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Long-lived storage of a photonic qubit for worldwide teleportation

Concerning the development of quantum memories for the realization of global quantum networks, scientists of the Quantum Dynamics Division led by Professor Gerhard Rempe at the Max Planck Institute of Quantum Optics (MPQ) have now achieved a major breakthrough: they demonstrated the long-lived storage of a photonic qubit on a single atom trapped in an optical resonator. The coherence time of the stored quantum bit outlasts 100 milliseconds and therefore matches the requirement for the creation of a global quantum network in which qubits are directly teleported between end nodes. “The coherence times that we achieve represent an improvement by two orders of magnitude compared to the current state-of-the-art,” says Professor Rempe. The study is published in Nature Photonics today.

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Hollow atoms: The consequences of an underestimated effect

The “hollow atoms”, which are being produced in the labs of TU Wien (Vienna) are quite exotic objects. Their electrons are in a state of extremely high energy (so called Rydberg states), but when they are shot through another material, they can get rid of this energy in a matter of femtoseconds (millionths of a billionth of a second).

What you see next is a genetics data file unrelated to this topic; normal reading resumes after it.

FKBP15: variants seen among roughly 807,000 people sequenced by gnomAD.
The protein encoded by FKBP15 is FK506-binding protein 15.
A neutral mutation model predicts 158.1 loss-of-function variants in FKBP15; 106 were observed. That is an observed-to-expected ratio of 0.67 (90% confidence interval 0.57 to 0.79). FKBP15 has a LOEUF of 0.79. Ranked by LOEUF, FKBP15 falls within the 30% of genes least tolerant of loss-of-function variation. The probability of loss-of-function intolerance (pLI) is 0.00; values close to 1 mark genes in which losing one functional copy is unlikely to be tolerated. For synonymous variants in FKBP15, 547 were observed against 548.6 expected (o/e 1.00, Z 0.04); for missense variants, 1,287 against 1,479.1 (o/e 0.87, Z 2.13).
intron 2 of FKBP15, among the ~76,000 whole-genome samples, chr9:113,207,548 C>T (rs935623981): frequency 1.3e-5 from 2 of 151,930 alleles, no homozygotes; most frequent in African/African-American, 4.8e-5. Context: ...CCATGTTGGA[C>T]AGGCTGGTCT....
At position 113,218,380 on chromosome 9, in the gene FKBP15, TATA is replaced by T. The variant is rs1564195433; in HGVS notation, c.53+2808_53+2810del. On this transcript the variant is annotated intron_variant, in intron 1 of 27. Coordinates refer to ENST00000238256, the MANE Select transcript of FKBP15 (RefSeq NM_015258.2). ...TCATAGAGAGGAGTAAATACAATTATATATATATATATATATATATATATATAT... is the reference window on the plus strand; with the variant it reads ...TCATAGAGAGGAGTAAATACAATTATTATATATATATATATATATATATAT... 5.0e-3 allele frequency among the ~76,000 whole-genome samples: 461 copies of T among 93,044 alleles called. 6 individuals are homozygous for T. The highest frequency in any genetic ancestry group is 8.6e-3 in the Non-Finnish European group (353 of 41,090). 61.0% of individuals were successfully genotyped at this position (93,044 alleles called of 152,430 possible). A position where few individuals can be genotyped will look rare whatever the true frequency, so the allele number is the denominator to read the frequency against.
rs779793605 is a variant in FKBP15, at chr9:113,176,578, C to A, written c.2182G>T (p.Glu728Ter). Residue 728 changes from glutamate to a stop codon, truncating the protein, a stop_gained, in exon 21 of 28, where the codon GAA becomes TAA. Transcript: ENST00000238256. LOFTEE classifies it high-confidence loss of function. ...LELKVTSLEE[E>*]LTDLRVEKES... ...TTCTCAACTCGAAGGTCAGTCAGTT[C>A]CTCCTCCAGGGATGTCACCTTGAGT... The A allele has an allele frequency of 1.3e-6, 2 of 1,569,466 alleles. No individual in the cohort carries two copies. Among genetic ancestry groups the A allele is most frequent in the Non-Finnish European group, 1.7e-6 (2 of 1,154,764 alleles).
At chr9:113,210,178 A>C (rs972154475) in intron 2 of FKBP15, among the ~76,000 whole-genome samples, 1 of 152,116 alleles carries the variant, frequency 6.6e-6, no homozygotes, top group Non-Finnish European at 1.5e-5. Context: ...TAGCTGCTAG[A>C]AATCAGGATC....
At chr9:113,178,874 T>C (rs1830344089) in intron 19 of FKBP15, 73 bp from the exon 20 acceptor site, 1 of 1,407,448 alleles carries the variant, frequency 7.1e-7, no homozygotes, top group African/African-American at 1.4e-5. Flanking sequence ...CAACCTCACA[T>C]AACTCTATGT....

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The doubly magic nucleus of lead-208-it spins, though it shouldn’t

Scientists generally imagine atomic nuclei to be more or less spherical clusters of protons and neutrons, but always relatively chaotic. Experiments at the Argonne National Laboratory, inspired by physicists from the Institute of Nuclear Physics of the Polish Academy of Sciences in Cracow, are trying to verify this simple model. To deploy an astronomical analogy, in as much as the majority of nuclei are similar in outline to rocky objects like moons or asteroids, then the nuclei of lead-208 under certain conditions resemble planets surrounded by a dense atmosphere that can move around a rigid core.

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Breakthrough device heals organs with a single touch

Researchers at The Ohio State University Wexner Medical Center and Ohio State’s College of Engineering have developed a new technology, Tissue Nanotransfection (TNT), that can generate any cell type of interest for treatment within the patient’s own body. This technology may be used to repair injured tissue or restore function of aging tissue, including organs, blood vessels and nerve cells.

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Breakthrough Quantum Cat Experiment Captured on Camera

The paradox of Schrödinger’s cat-in which a quantum cat is both alive and dead at the same time until we check to see which state it’s in-is arguably the most famous example of the bizarre counter-intuitive nature of the quantum world. Now, Stanford physicists have exploited this feature weirdness to make highly detailed movies of the inner machinery of simple iodine molecules.

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Mapping the optimal route between two quantum states

As a quantum state collapses from a quantum superposition to a classical state or a different superposition, it will follow a path known as a quantum trajectory. For each start and end state there is an optimal or “most likely” path, but it is not as easy to predict the path or track it experimentally as a straight-line between two points would be in our everyday, classical world.